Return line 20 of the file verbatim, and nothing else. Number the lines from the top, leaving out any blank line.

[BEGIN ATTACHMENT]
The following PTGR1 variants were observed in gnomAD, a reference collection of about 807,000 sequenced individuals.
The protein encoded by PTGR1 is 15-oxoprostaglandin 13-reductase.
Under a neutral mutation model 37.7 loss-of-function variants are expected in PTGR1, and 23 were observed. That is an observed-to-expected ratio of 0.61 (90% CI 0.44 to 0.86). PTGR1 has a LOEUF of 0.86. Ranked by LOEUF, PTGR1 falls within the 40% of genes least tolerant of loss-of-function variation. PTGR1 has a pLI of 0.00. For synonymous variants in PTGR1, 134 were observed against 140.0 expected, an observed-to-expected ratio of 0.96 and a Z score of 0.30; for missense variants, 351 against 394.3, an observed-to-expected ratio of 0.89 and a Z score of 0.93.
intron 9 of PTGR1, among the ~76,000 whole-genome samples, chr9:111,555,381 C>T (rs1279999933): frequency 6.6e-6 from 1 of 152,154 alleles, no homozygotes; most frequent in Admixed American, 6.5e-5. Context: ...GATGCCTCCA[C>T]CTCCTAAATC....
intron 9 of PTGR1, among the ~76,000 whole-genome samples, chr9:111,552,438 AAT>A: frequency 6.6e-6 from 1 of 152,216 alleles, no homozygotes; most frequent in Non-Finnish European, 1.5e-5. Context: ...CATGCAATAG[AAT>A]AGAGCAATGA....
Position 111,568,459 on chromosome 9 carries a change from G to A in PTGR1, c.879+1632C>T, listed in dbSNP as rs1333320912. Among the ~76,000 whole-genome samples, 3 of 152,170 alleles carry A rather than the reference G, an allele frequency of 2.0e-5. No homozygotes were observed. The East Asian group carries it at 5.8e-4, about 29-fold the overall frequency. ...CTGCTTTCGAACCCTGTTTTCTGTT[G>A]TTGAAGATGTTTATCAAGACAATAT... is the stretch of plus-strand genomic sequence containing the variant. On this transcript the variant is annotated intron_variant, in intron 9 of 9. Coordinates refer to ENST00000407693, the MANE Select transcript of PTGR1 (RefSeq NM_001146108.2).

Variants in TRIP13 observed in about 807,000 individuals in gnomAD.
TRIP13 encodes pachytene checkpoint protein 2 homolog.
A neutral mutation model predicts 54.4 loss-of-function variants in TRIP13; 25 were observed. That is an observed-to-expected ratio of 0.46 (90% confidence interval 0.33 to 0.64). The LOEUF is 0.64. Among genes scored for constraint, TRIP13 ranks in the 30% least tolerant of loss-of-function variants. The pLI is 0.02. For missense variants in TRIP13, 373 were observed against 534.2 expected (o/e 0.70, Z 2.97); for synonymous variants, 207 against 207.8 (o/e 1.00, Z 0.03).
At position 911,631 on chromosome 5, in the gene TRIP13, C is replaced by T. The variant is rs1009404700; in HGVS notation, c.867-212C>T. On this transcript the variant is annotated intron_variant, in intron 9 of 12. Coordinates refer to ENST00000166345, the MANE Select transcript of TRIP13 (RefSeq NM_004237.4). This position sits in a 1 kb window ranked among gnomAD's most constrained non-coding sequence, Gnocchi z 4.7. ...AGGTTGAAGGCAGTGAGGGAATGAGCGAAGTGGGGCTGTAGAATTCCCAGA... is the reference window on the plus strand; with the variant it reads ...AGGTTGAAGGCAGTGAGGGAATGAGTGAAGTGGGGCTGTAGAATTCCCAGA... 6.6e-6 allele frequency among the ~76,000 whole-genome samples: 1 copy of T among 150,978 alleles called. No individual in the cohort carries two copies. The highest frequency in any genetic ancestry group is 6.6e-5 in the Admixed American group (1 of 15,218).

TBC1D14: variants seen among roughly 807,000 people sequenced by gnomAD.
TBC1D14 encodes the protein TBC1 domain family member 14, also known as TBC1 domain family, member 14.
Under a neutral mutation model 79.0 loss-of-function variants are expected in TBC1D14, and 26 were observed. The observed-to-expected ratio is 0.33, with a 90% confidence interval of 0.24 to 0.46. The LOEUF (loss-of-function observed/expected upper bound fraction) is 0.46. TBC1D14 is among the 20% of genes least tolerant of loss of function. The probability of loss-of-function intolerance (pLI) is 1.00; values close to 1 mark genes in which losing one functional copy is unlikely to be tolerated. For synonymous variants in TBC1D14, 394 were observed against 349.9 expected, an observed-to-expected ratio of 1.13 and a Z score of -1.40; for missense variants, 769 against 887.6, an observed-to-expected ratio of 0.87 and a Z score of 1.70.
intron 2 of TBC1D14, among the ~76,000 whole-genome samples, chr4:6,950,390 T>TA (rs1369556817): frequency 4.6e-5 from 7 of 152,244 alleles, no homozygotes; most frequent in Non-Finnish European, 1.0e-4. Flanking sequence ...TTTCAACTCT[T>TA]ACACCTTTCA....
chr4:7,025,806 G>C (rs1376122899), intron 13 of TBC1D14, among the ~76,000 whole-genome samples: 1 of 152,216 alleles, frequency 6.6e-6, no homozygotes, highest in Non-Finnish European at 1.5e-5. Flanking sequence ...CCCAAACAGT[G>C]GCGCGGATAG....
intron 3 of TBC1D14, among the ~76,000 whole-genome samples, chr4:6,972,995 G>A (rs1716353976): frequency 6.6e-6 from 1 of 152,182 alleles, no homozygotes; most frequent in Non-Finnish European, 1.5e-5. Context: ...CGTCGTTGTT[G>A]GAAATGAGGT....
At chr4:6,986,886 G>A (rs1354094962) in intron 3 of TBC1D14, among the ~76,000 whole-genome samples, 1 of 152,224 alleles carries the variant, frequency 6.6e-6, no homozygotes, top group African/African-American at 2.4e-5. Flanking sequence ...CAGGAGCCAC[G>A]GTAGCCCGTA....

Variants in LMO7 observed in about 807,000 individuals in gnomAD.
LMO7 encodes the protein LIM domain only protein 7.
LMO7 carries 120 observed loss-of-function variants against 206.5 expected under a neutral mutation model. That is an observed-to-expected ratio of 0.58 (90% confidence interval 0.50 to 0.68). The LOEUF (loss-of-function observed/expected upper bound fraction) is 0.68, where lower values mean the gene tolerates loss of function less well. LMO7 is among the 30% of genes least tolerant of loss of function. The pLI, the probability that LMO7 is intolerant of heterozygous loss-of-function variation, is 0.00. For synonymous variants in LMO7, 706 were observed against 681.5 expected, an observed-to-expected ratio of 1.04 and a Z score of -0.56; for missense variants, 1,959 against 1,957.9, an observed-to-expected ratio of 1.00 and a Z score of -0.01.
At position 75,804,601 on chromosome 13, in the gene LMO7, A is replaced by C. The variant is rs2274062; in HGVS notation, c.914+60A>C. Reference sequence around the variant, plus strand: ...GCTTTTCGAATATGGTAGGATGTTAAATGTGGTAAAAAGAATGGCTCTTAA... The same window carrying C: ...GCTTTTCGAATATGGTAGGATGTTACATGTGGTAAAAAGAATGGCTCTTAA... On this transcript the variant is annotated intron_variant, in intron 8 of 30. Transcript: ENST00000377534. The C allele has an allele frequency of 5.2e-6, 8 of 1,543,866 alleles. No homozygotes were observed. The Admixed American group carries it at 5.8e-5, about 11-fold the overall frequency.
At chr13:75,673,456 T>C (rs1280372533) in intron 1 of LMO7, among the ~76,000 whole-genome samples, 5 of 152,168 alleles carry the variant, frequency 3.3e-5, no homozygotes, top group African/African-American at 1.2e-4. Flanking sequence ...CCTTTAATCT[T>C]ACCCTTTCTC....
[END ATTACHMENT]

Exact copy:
LMO7 carries 120 observed loss-of-function variants against 206.5 expected under a neutral mutation model. That is an observed-to-expected ratio of 0.58 (90% confidence interval 0.50 to 0.68). The LOEUF (loss-of-function observed/expected upper bound fraction) is 0.68, where lower values mean the gene tolerates loss of function less well. LMO7 is among the 30% of genes least tolerant of loss of function. The pLI, the probability that LMO7 is intolerant of heterozygous loss-of-function variation, is 0.00. For synonymous variants in LMO7, 706 were observed against 681.5 expected, an observed-to-expected ratio of 1.04 and a Z score of -0.56; for missense variants, 1,959 against 1,957.9, an observed-to-expected ratio of 1.00 and a Z score of -0.01.